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Overview

"The Solaris™Internals volumes are simply the best and most comprehensive treatment of the Solaris (and OpenSolaris) Operating Environment. Any person using Solaris--in any capacity--would be remiss not to include these two new volumes in their personal library. With advanced observability tools in Solaris (likeDTrace), you will more often find yourself in what was previously unchartable territory. Solaris™ Internals, Second Edition, provides us a fantastic means to be able to quickly understand these systems and further explore the Solaris architecture--especially when coupled with OpenSolaris source availability."

--Jarod Jenson, chief systems architect, Aeysis

"The Solaris™ Internals volumes by Jim Mauro and Richard McDougall must be on your bookshelf if you are interested in in-depth knowledge of Solaris operating system internals and architecture. As a senior Unix engineer for many years, I found the first edition of Solaris™ Internals the only fully comprehensive source for kernel developers, systems programmers, and systems administrators. The new second edition, with the companion performance and debugging book, is an indispensable reference set, containing many useful and practical explanations of Solaris and its underlying subsystems, including tools and methods for observing and analyzing any system running Solaris 10 or OpenSolaris."

--Marc Strahl, senior UNIX engineer

Solaris™ Internals, Second Edition, describes the algorithms and data structures of all the major subsystems in the Solaris 10 and OpenSolaris kernels. The text has been extensively revised since the first edition, with more than 600 pages of new material. Integrated Solaris tools and utilities, including DTrace, MDB, kstat, and the process tools, are used throughout to illustrate how the reader can observe the Solaris kernel in action. The companion volume, Solaris™ Performance and Tools, extends the examples contained here, and expands the scope to performance and behavior analysis. Coverage includes:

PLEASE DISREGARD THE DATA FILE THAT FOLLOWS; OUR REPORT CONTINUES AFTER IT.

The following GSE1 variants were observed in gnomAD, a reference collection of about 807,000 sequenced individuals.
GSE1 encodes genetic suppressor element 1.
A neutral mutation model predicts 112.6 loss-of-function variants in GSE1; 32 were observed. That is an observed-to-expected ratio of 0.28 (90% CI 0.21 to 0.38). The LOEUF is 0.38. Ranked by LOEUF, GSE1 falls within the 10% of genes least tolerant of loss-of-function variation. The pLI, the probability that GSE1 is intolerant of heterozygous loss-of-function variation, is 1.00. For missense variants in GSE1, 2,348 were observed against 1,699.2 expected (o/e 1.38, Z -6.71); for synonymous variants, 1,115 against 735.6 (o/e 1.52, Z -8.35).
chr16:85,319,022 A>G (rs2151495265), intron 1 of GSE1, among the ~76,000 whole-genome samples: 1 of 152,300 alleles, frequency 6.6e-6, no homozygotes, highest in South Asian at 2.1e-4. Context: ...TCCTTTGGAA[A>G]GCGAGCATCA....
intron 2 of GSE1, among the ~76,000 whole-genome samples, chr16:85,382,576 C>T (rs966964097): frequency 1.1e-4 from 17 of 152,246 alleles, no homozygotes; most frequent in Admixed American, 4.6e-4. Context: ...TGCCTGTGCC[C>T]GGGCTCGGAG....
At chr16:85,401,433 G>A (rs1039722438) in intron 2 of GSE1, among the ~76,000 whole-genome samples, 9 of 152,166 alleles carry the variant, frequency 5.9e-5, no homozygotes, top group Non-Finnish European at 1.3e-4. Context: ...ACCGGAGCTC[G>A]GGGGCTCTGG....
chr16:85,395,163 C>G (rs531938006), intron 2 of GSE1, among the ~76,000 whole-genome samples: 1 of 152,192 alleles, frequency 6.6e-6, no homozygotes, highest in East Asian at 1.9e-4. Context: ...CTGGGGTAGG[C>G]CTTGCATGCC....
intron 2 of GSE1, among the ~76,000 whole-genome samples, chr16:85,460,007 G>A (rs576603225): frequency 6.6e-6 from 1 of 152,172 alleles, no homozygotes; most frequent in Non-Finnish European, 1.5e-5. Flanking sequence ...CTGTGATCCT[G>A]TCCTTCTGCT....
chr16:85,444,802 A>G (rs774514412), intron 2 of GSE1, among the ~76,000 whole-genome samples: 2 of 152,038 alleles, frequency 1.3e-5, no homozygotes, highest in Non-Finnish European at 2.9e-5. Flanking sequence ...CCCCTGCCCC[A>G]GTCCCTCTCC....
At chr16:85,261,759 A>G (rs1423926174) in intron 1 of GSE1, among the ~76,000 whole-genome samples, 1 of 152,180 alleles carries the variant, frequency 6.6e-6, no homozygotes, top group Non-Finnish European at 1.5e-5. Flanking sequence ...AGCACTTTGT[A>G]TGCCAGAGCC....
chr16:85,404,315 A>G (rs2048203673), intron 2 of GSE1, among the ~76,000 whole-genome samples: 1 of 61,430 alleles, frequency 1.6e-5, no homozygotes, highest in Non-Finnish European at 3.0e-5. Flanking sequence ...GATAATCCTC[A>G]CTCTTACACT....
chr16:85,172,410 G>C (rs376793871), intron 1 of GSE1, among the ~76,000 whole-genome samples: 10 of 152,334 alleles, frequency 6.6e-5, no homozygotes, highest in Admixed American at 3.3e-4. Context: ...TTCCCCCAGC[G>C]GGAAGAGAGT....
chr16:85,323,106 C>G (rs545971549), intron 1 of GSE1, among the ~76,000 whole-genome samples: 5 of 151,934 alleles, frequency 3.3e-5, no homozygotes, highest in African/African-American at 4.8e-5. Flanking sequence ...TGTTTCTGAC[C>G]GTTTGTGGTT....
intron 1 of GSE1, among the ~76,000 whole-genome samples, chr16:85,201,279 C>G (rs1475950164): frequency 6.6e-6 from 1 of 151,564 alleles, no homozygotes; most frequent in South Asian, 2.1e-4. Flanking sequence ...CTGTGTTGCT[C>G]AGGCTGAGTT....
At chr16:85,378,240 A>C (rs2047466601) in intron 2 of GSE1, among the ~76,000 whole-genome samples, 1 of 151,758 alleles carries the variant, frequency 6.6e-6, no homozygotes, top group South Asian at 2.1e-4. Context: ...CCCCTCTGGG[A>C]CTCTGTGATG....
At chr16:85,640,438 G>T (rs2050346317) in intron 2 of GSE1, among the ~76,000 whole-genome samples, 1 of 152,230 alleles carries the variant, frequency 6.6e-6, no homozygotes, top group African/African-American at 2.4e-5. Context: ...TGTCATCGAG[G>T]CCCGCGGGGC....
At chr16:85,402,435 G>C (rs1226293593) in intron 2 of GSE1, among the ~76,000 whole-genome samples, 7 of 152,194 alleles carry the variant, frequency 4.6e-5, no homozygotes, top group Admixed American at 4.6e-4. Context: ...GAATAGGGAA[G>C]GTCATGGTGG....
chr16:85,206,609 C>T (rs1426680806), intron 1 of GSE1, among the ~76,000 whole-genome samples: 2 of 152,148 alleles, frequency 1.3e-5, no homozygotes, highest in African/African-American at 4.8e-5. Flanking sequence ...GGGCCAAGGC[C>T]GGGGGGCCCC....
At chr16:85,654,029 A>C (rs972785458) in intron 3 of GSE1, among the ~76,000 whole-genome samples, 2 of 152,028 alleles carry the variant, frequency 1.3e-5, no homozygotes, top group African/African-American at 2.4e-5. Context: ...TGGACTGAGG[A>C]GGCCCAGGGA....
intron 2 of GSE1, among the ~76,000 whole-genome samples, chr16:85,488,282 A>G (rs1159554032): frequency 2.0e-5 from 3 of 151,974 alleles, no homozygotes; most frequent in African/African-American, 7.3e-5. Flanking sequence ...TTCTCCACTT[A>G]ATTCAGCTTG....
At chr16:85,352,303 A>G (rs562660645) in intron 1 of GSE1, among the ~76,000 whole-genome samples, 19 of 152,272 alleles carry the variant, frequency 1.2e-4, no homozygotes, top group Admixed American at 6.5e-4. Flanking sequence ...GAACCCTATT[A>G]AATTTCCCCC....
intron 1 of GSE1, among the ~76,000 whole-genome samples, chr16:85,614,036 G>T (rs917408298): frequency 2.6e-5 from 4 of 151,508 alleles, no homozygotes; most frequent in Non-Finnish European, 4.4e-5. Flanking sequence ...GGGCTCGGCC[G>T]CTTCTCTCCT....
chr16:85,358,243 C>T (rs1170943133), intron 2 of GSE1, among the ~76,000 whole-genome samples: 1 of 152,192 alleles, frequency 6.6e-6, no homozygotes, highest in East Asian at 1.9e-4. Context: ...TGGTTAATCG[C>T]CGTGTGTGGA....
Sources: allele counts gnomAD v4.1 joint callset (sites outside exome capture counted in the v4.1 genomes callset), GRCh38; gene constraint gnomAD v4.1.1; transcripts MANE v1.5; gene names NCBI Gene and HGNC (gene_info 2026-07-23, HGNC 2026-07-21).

• Virtual and physical memory
  • Processes, threads, and scheduling
  • File system framework and UFS implementation
  • Networking: TCP/IP implementation
  • Resource management facilities and zones

The Solaris™ Internals volumes make a superb reference for anyone using Solaris 10 and OpenSolaris.

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Product Details

  • ISBN-13: 9780131482098
  • Publisher: Prentice Hall
  • Publication date: 6/30/2006
  • Series: Solaris Series
  • Edition description: Revised Edition
  • Edition number: 2
  • Pages: 1022
  • Product dimensions: 7.30 (w) x 9.67 (h) x 1.71 (d)

Meet the Author

Richard McDougall is a Distinguished Engineer at Sun Microsystems, specializing in operating systems technology and systems performance.

Jim Mauro is a Senior Staff Engineer in the Performance, Architecture, and Applications Engineering group at Sun Microsystems, where his most recent efforts have focused on Solaris performance on Opteron platforms.

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Read an Excerpt

Welcome to the second edition of Solaris™ Internals and its companion volume, Solaris™ Performance and Tools. It has been almost five years since the release of the first edition, during which time we have had the opportunity to communicate with a great many Solaris users, software developers, system administrators, database administrators, performance analysts, and even the occasional kernel hacker. We are grateful for all the feedback, and we have made specific changes to the format and content of this edition based on reader input. Read on to learn what is different. We look forward to continued communication with the Solaris community.

About These Books

These books are about the internals of Sun’s Solaris Operating System—specifically, the SunOS kernel. Other components of Solaris, such as windowing systems for desktops, are not covered. The first edition of Solaris™ Internals covered Solaris releases 2.5.1, 2.6, and Solaris 7. These volumes focus on Solaris 10, with updated information for Solaris 8 and 9.